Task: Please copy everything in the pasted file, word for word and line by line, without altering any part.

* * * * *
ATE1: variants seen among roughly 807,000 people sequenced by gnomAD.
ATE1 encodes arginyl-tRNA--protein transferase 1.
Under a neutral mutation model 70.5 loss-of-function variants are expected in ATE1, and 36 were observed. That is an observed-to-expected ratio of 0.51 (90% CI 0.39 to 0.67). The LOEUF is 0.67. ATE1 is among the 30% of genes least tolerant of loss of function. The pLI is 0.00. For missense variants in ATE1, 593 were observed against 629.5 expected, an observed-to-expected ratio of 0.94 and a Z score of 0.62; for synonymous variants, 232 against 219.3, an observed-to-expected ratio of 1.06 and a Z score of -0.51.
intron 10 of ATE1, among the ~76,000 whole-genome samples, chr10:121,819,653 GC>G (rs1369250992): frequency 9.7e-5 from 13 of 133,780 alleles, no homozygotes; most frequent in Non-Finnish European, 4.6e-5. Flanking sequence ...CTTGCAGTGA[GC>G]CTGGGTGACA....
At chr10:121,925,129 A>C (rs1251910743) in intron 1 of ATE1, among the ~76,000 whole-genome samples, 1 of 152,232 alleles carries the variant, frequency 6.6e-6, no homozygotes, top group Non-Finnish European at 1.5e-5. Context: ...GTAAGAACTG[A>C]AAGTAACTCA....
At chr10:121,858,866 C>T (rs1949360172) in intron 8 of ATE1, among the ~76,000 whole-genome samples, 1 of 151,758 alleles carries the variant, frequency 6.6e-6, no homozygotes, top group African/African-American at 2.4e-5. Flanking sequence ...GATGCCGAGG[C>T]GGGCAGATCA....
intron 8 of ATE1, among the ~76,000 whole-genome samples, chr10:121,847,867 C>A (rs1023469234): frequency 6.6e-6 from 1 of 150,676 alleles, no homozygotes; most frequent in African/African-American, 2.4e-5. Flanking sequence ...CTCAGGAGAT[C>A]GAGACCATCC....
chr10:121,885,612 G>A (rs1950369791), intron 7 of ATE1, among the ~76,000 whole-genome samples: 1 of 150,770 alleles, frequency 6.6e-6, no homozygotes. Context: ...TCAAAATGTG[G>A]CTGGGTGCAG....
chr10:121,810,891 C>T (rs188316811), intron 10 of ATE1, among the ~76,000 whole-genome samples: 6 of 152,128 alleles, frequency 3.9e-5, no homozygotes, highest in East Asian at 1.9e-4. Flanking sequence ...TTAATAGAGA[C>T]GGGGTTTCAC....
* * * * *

ATE1: variants seen among roughly 807,000 people sequenced by gnomAD.
ATE1 encodes arginyl-tRNA--protein transferase 1.
Under a neutral mutation model 70.5 loss-of-function variants are expected in ATE1, and 36 were observed. That is an observed-to-expected ratio of 0.51 (90% CI 0.39 to 0.67). The LOEUF is 0.67. ATE1 is among the 30% of genes least tolerant of loss of function. The pLI is 0.00. For missense variants in ATE1, 593 were observed against 629.5 expected, an observed-to-expected ratio of 0.94 and a Z score of 0.62; for synonymous variants, 232 against 219.3, an observed-to-expected ratio of 1.06 and a Z score of -0.51.
intron 10 of ATE1, among the ~76,000 whole-genome samples, chr10:121,819,653 GC>G (rs1369250992): frequency 9.7e-5 from 13 of 133,780 alleles, no homozygotes; most frequent in Non-Finnish European, 4.6e-5. Flanking sequence ...CTTGCAGTGA[GC>G]CTGGGTGACA....
At chr10:121,925,129 A>C (rs1251910743) in intron 1 of ATE1, among the ~76,000 whole-genome samples, 1 of 152,232 alleles carries the variant, frequency 6.6e-6, no homozygotes, top group Non-Finnish European at 1.5e-5. Context: ...GTAAGAACTG[A>C]AAGTAACTCA....
At chr10:121,858,866 C>T (rs1949360172) in intron 8 of ATE1, among the ~76,000 whole-genome samples, 1 of 151,758 alleles carries the variant, frequency 6.6e-6, no homozygotes, top group African/African-American at 2.4e-5. Flanking sequence ...GATGCCGAGG[C>T]GGGCAGATCA....
intron 8 of ATE1, among the ~76,000 whole-genome samples, chr10:121,847,867 C>A (rs1023469234): frequency 6.6e-6 from 1 of 150,676 alleles, no homozygotes; most frequent in African/African-American, 2.4e-5. Flanking sequence ...CTCAGGAGAT[C>A]GAGACCATCC....
chr10:121,885,612 G>A (rs1950369791), intron 7 of ATE1, among the ~76,000 whole-genome samples: 1 of 150,770 alleles, frequency 6.6e-6, no homozygotes. Context: ...TCAAAATGTG[G>A]CTGGGTGCAG....
chr10:121,810,891 C>T (rs188316811), intron 10 of ATE1, among the ~76,000 whole-genome samples: 6 of 152,128 alleles, frequency 3.9e-5, no homozygotes, highest in East Asian at 1.9e-4. Flanking sequence ...TTAATAGAGA[C>T]GGGGTTTCAC....